I am torn about how to write this, but I feel like I need to shed some light on this beast that is brain cancer and the horrific way it steals our loved ones.
Let me begin by saying that each journey is different and what I am going to share is not from any one particular person, but more a conglomeration of things that a person with brain cancer may suffer through. I want to share it not for the shock value but because I so often hear brain cancer compared to other cancers, and it is so unlike other cancers.
First the simple stuff. Brain cancer patients can lose the function of nearly any part of their body. They may lose bowel and bladder control, the ability to walk, the ability to see and hear. It is terrifying for them to slowly watch their level of function decrease – never knowing what might happen next.
They are usually told at the beginning that brain cancer doesn’t spread to other parts of your body. That isn’t entirely true because it can spread to the spine. Whether or not it spreads to the spine, you could still lose the ability to walk.
Most brain cancer patients suffer through seizures of varying intensity and length. This could be something that happens occasionally or constantly.
Then things get more complex. Where the tumor is growing can make a major difference on how the patient experiences life. Some become irrationally angry. They may not recognize loved ones – to the point of becoming violent toward those loved ones, even if they have been the daily care provider. They can be easily confused, questioning the most basic facts and reality.
When the tumor grows, it frequently causes hydrocephalus, which can be the cause of death. It can also press on the part of their brain that makes them throw up, so that they do so constantly and uncontrollably.
All of the things I’ve talked about here are strictly related to brain cancer itself. Most cancers are treated with some combination of chemo, radiation, and/or surgery, so I didn’t include the various and plentiful side effects and complications from those symptoms.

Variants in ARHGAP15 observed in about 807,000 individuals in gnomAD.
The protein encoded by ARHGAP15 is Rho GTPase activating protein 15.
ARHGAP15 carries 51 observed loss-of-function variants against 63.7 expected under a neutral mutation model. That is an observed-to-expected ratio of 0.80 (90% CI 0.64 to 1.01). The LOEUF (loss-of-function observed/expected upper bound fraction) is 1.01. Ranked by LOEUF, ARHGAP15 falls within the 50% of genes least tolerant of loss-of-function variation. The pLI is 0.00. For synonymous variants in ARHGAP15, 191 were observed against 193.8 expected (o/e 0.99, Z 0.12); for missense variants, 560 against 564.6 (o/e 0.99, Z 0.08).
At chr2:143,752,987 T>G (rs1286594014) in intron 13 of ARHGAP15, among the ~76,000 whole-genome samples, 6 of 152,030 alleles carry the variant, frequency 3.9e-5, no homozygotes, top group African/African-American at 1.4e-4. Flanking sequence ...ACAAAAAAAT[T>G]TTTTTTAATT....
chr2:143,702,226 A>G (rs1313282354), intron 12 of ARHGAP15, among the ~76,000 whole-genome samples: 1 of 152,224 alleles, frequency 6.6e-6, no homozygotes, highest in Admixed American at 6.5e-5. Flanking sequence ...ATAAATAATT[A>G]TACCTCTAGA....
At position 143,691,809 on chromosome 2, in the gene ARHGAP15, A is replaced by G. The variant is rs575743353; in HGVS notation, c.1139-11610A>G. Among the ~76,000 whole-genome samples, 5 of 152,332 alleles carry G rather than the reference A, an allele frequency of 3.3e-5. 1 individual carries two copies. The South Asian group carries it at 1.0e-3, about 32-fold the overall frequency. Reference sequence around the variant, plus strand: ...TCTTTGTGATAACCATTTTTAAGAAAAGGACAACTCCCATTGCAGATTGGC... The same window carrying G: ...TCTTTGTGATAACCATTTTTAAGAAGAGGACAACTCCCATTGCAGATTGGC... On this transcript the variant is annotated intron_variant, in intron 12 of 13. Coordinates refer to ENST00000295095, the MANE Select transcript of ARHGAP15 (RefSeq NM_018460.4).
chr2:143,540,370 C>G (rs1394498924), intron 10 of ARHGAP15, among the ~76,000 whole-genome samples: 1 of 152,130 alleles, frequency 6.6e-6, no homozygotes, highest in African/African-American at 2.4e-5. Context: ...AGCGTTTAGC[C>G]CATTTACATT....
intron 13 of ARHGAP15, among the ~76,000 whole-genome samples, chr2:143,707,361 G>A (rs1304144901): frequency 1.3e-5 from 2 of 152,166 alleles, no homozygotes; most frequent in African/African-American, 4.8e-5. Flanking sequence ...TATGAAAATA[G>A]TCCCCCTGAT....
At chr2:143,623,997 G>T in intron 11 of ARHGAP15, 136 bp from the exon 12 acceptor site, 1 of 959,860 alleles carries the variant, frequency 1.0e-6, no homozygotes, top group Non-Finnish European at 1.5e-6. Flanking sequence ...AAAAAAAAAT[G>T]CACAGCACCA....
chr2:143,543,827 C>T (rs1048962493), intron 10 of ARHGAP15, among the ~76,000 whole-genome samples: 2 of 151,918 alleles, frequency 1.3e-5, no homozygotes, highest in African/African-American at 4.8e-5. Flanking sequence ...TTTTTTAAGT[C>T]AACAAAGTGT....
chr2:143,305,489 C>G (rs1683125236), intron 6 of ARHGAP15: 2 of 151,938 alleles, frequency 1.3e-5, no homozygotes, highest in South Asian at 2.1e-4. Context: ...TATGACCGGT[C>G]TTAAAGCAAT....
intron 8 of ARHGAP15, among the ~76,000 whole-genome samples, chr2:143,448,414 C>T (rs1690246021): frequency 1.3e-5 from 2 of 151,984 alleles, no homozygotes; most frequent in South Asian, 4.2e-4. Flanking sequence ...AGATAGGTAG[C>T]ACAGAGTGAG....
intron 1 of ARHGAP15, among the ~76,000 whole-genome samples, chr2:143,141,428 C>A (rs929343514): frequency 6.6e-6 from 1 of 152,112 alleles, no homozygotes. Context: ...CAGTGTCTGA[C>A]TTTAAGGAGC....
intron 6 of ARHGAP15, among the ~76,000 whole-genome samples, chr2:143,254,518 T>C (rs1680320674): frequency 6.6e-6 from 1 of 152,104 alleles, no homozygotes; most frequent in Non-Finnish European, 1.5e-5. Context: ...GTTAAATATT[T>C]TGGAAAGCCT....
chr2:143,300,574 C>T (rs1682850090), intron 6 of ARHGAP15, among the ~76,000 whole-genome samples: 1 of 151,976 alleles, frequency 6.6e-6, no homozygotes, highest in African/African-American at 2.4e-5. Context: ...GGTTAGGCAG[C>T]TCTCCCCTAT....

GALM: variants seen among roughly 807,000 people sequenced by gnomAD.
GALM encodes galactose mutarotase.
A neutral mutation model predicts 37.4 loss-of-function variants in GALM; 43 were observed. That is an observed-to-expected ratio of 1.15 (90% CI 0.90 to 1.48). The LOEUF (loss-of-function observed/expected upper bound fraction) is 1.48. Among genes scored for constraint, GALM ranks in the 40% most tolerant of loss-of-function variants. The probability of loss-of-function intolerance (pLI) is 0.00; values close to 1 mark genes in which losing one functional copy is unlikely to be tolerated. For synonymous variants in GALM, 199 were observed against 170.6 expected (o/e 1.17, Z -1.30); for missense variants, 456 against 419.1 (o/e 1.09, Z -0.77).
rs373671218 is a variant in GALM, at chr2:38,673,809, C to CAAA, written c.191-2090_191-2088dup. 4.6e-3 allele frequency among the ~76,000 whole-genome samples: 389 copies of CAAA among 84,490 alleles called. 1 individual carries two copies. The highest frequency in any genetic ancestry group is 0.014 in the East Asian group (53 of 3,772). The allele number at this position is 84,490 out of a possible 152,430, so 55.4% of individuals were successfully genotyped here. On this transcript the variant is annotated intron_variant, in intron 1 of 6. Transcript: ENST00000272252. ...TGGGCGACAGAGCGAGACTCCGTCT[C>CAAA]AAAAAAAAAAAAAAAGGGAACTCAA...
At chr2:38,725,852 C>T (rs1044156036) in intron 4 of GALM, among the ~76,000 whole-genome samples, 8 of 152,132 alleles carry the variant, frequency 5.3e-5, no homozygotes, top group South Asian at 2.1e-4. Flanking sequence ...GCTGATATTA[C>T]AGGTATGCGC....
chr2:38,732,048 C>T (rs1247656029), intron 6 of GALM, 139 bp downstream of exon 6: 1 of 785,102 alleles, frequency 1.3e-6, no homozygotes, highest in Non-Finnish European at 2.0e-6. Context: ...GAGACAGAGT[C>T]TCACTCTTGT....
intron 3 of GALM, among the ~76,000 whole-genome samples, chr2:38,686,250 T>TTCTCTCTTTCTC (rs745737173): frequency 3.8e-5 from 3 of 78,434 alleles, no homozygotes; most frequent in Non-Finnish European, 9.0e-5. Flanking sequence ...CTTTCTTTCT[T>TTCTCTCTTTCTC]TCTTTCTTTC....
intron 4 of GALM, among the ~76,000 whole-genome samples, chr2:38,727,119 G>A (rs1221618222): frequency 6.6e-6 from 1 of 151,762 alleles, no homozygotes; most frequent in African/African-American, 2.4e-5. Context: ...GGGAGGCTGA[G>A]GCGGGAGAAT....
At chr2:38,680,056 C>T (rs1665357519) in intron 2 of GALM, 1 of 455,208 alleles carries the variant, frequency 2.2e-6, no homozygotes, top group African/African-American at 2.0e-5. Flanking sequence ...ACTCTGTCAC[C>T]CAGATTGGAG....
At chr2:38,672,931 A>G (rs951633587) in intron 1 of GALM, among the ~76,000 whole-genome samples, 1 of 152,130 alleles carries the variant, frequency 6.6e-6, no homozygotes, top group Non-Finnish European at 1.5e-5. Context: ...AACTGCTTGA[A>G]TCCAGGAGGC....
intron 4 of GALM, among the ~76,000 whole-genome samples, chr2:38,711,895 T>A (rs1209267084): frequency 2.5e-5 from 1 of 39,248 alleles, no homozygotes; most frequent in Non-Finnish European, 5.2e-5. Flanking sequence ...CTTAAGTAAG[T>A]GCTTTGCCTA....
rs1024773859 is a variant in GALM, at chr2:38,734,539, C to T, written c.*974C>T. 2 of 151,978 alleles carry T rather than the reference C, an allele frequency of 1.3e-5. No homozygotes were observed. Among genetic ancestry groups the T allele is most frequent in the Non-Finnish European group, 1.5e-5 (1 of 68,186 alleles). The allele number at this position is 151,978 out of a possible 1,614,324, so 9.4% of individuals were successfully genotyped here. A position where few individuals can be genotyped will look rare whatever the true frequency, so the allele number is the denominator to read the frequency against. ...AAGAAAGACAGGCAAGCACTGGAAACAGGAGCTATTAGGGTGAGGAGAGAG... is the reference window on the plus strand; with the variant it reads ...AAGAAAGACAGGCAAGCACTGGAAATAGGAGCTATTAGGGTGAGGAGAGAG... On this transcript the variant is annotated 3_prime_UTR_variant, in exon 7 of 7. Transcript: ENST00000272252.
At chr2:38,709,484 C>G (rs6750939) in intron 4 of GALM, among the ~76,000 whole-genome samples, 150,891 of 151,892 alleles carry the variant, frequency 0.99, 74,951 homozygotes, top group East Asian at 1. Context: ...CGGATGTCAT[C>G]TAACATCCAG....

As I write this, I am mourning for the loss of a brain cancer warrior who was a son, a husband, and a father. He was in the prime of his life with young children who lived with the very harsh reality of brain cancer. As I write this I am praying for others I haven’t dared to count – among them many sweet, innocent children. I am not a doctor or a scientist. I can’t do their jobs, but I can do something to make their lives easier.
We have formed the Dragon Master Foundation to make research faster and more efficient. We are going to need a lot of help, but it can be done. We are eager to partner with other non-profits, hospitals and research institutions that are passionate about finding a cure.
If you are reading this, you CAN make a difference in the fight against brain cancer. Share this post. Like Dragon master Foundation on Facebook. Share it with your friends. Each voice makes the sound louder. Each person who knows about this grim reality puts us one us one step closer to the cure.